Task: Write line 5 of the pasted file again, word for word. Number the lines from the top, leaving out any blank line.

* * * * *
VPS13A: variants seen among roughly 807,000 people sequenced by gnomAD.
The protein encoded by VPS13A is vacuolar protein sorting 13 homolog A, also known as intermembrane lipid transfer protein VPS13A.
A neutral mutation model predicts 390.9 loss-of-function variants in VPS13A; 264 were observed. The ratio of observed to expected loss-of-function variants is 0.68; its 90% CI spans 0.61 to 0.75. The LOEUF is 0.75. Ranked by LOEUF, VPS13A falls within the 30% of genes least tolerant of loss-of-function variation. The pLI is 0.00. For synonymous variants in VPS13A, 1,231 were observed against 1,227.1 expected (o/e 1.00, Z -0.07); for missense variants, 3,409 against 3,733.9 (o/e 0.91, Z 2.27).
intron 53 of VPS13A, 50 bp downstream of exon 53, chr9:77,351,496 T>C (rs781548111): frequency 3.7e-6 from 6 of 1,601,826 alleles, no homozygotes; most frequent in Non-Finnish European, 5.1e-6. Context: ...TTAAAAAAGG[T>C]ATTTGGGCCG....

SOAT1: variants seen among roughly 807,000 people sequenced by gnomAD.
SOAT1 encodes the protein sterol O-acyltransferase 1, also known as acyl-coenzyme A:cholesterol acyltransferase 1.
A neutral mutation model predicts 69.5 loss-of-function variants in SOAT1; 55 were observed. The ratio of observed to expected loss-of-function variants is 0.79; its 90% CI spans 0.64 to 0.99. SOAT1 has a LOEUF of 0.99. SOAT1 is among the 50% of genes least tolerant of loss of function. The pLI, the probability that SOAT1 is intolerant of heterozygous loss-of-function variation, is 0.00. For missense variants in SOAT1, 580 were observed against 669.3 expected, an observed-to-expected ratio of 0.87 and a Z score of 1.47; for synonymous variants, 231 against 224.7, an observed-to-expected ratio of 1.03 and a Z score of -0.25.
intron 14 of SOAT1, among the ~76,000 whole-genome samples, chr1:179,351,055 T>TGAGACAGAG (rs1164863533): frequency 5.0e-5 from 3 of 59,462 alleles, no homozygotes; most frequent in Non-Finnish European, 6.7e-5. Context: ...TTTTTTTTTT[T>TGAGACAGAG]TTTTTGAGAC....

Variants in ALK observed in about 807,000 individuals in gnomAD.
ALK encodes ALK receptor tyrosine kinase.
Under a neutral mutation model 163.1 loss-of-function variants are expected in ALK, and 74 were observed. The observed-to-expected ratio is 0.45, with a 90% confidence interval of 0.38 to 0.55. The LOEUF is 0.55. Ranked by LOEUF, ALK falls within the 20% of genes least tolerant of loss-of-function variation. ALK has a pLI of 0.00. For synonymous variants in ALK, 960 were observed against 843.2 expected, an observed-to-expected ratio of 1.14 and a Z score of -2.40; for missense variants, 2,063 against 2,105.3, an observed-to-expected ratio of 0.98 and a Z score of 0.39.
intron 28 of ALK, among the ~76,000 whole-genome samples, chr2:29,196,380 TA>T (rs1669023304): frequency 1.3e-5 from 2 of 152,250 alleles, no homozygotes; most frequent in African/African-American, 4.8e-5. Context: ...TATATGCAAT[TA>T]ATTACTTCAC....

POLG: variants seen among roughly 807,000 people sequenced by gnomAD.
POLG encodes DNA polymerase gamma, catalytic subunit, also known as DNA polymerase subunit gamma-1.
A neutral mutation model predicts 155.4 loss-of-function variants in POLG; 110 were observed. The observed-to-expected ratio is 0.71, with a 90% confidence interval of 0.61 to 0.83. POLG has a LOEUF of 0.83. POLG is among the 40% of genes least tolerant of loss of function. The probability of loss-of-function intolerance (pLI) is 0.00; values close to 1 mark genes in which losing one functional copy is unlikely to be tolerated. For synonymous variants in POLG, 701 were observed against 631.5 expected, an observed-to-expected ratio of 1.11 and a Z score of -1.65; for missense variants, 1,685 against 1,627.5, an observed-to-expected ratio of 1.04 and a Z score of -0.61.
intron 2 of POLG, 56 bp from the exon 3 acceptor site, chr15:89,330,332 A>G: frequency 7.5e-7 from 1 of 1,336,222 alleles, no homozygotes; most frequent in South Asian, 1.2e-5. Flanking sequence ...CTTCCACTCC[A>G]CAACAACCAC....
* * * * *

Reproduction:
SOAT1: variants seen among roughly 807,000 people sequenced by gnomAD.